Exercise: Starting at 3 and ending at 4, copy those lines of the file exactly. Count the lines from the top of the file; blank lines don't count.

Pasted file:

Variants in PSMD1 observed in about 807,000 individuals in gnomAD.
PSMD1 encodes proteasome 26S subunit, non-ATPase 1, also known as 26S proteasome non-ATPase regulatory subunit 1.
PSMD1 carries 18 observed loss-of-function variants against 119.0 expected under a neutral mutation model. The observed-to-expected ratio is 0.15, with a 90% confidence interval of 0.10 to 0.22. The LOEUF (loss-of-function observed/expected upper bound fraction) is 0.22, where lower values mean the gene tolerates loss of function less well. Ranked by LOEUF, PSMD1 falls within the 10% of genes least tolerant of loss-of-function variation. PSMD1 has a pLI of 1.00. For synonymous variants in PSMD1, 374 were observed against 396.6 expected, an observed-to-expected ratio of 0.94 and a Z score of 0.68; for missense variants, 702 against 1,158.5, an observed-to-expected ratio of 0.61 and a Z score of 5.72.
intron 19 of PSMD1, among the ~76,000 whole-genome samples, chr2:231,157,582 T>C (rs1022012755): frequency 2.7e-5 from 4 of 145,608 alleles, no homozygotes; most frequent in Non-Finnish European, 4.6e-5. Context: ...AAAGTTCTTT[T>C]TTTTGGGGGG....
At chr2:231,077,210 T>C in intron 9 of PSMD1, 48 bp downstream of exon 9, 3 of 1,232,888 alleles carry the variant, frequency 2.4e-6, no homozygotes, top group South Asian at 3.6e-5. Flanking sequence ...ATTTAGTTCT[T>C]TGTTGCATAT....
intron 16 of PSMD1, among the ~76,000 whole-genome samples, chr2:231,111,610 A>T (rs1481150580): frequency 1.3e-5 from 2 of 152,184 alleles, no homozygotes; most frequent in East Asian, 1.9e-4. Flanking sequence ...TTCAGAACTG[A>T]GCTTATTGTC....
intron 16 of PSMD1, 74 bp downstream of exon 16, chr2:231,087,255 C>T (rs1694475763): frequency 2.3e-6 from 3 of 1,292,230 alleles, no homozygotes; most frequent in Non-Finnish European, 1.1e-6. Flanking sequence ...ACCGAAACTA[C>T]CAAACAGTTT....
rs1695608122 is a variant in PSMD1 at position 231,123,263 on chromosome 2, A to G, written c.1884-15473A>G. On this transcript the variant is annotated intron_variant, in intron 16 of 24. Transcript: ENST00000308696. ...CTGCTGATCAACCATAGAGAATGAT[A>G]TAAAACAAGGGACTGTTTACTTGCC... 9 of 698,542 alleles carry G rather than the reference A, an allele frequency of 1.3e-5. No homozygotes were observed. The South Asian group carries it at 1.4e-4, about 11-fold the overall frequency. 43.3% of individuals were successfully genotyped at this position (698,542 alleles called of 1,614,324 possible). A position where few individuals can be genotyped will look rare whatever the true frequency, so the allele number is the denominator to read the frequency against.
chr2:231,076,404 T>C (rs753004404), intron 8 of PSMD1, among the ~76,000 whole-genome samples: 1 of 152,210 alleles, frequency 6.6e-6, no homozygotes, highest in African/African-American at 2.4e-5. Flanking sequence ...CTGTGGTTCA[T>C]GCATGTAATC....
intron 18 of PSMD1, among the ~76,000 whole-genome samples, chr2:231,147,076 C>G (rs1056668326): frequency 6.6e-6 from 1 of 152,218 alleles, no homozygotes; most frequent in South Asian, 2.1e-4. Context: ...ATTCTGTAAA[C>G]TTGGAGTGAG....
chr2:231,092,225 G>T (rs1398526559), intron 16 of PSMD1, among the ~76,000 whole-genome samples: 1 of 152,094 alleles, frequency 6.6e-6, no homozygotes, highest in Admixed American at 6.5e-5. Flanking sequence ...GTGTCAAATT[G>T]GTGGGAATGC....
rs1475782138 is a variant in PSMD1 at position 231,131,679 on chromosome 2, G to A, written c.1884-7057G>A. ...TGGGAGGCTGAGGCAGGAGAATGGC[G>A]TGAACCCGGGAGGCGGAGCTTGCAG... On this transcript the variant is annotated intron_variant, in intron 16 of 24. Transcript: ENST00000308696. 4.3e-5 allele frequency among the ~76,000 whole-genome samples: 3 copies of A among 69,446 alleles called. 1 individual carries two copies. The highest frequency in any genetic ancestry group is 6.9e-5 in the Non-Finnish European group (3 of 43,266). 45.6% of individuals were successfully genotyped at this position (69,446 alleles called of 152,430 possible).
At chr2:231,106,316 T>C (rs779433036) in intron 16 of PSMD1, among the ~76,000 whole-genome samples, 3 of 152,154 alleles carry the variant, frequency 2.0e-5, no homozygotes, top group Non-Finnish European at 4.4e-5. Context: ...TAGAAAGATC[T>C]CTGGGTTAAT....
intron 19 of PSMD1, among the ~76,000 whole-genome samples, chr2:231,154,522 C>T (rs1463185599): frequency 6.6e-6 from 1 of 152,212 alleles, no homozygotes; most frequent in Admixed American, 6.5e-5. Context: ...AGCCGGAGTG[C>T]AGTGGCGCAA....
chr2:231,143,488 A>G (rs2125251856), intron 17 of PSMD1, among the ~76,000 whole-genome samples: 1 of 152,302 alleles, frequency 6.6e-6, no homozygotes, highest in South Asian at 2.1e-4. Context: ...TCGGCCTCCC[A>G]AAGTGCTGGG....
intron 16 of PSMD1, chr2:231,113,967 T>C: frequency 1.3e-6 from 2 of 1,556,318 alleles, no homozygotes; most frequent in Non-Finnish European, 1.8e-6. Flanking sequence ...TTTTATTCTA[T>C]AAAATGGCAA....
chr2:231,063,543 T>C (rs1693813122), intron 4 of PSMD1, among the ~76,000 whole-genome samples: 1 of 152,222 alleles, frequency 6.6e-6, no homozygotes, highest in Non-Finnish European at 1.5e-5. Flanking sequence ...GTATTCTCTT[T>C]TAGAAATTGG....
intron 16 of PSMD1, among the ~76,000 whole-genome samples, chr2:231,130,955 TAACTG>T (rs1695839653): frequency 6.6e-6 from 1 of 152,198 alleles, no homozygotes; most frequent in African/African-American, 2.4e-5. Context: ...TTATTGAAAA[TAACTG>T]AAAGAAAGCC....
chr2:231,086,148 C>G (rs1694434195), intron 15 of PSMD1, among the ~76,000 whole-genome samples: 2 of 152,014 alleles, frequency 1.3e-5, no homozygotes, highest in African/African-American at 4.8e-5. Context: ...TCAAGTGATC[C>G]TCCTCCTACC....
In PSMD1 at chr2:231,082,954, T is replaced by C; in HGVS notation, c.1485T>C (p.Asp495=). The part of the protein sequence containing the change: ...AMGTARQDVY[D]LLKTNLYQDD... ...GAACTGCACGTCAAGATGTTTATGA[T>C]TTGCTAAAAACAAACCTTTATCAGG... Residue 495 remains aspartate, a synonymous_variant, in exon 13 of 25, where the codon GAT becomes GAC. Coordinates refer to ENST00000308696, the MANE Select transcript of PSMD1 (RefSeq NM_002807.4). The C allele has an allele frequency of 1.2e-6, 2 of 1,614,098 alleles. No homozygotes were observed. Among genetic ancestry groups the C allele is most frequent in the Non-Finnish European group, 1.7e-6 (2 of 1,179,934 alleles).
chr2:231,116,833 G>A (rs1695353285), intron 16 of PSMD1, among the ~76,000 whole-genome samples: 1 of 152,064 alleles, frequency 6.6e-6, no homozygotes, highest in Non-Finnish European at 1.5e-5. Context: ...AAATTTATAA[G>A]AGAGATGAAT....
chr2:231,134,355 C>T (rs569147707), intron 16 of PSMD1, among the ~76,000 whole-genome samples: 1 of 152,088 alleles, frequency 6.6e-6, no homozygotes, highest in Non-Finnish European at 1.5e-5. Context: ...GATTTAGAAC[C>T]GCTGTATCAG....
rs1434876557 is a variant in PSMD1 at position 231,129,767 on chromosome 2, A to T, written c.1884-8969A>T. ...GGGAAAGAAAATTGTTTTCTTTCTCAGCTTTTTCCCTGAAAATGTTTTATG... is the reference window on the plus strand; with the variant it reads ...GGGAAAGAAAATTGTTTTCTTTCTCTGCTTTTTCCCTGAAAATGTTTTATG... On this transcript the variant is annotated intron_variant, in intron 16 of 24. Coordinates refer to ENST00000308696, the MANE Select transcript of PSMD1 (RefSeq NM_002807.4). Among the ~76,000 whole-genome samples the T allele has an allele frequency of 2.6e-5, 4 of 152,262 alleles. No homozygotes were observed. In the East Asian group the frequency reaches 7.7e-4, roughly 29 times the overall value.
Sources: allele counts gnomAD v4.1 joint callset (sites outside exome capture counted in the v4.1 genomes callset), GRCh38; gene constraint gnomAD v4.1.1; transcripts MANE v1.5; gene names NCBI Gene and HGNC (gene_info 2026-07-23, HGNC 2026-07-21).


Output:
PSMD1 carries 18 observed loss-of-function variants against 119.0 expected under a neutral mutation model. The observed-to-expected ratio is 0.15, with a 90% confidence interval of 0.10 to 0.22. The LOEUF (loss-of-function observed/expected upper bound fraction) is 0.22, where lower values mean the gene tolerates loss of function less well. Ranked by LOEUF, PSMD1 falls within the 10% of genes least tolerant of loss-of-function variation. PSMD1 has a pLI of 1.00. For synonymous variants in PSMD1, 374 were observed against 396.6 expected, an observed-to-expected ratio of 0.94 and a Z score of 0.68; for missense variants, 702 against 1,158.5, an observed-to-expected ratio of 0.61 and a Z score of 5.72.
intron 19 of PSMD1, among the ~76,000 whole-genome samples, chr2:231,157,582 T>C (rs1022012755): frequency 2.7e-5 from 4 of 145,608 alleles, no homozygotes; most frequent in Non-Finnish European, 4.6e-5. Context: ...AAAGTTCTTT[T>C]TTTTGGGGGG....